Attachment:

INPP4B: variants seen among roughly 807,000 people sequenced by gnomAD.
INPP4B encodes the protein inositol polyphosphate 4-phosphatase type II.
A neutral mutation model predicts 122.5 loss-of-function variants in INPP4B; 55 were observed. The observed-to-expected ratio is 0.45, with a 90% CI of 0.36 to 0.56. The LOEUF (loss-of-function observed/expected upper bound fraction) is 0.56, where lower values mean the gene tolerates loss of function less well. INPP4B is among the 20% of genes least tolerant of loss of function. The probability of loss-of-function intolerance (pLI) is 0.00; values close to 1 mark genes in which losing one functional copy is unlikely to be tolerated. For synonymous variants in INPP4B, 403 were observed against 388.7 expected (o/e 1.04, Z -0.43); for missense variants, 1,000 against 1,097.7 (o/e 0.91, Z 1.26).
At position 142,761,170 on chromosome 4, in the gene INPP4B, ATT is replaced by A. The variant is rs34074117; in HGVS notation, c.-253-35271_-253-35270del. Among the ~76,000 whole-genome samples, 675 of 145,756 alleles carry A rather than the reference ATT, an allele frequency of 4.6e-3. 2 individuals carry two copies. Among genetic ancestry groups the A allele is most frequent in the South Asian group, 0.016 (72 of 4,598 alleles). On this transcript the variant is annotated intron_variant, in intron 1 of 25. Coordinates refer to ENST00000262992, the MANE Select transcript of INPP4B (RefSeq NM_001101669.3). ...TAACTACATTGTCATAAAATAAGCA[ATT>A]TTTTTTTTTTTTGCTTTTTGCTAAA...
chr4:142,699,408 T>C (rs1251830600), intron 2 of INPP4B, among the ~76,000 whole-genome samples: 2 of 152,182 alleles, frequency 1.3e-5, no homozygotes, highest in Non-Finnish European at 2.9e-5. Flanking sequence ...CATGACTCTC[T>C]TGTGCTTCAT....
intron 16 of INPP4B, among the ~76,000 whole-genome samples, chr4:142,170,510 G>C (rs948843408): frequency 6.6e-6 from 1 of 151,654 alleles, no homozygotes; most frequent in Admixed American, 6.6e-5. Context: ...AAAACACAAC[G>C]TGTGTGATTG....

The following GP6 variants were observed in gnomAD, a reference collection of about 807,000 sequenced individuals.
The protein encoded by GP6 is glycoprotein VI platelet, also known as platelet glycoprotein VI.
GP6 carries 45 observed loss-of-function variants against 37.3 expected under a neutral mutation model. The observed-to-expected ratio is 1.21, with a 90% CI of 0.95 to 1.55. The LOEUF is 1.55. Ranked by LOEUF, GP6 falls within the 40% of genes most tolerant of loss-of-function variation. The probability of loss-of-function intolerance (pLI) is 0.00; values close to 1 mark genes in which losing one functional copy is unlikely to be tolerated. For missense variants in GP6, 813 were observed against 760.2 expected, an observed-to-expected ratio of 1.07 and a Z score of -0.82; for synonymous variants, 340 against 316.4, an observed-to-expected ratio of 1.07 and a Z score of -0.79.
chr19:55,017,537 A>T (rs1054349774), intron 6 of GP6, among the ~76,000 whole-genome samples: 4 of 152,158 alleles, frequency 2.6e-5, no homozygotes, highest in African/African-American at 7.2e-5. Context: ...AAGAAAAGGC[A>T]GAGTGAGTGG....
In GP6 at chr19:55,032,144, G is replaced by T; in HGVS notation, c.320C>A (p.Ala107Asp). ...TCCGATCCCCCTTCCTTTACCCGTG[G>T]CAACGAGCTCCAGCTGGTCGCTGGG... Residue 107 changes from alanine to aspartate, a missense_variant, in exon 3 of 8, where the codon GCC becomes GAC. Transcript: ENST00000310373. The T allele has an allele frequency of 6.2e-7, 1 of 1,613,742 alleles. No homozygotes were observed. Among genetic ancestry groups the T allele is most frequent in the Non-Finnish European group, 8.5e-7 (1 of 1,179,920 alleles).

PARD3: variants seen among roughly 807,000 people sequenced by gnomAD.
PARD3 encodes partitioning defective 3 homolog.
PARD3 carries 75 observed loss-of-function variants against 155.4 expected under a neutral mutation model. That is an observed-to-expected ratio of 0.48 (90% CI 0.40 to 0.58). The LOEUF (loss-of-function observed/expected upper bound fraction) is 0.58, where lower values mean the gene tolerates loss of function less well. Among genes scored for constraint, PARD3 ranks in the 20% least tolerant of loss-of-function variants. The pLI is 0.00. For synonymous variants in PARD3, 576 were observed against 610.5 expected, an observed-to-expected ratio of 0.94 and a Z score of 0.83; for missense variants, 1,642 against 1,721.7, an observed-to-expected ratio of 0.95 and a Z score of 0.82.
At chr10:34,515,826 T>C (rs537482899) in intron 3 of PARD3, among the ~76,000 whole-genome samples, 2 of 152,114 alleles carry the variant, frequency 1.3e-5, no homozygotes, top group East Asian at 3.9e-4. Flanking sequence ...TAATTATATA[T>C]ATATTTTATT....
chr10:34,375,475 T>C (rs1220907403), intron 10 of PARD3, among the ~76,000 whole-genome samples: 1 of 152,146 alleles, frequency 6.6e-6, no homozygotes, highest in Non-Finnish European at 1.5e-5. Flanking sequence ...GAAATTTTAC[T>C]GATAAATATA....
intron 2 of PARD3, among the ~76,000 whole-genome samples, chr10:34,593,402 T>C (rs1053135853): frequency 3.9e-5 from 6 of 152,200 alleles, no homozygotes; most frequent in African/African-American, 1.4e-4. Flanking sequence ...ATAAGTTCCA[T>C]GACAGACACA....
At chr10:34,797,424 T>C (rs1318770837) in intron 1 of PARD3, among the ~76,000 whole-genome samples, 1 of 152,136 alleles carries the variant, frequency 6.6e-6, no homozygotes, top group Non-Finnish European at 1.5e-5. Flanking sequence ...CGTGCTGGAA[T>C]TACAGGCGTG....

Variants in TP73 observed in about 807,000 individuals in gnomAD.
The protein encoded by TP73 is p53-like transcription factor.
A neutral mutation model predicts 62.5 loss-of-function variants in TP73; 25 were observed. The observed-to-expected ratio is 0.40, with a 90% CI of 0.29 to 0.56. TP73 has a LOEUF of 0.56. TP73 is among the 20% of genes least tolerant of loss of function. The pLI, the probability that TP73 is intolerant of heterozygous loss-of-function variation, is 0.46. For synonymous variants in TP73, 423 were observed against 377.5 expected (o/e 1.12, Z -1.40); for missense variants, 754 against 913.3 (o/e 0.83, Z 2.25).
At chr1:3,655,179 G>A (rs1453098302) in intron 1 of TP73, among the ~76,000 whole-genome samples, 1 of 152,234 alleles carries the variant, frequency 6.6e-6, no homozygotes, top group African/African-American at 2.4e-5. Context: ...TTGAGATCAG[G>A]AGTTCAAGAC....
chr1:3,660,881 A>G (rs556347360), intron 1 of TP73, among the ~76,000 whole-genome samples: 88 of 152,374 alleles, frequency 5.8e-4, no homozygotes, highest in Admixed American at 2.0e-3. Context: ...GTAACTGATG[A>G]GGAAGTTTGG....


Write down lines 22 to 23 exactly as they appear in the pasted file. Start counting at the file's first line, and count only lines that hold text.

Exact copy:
At chr1:3,655,179 G>A (rs1453098302) in intron 1 of TP73, among the ~76,000 whole-genome samples, 1 of 152,234 alleles carries the variant, frequency 6.6e-6, no homozygotes, top group African/African-American at 2.4e-5. Context: ...TTGAGATCAG[G>A]AGTTCAAGAC....
chr1:3,660,881 A>G (rs556347360), intron 1 of TP73, among the ~76,000 whole-genome samples: 88 of 152,374 alleles, frequency 5.8e-4, no homozygotes, highest in Admixed American at 2.0e-3. Context: ...GTAACTGATG[A>G]GGAAGTTTGG....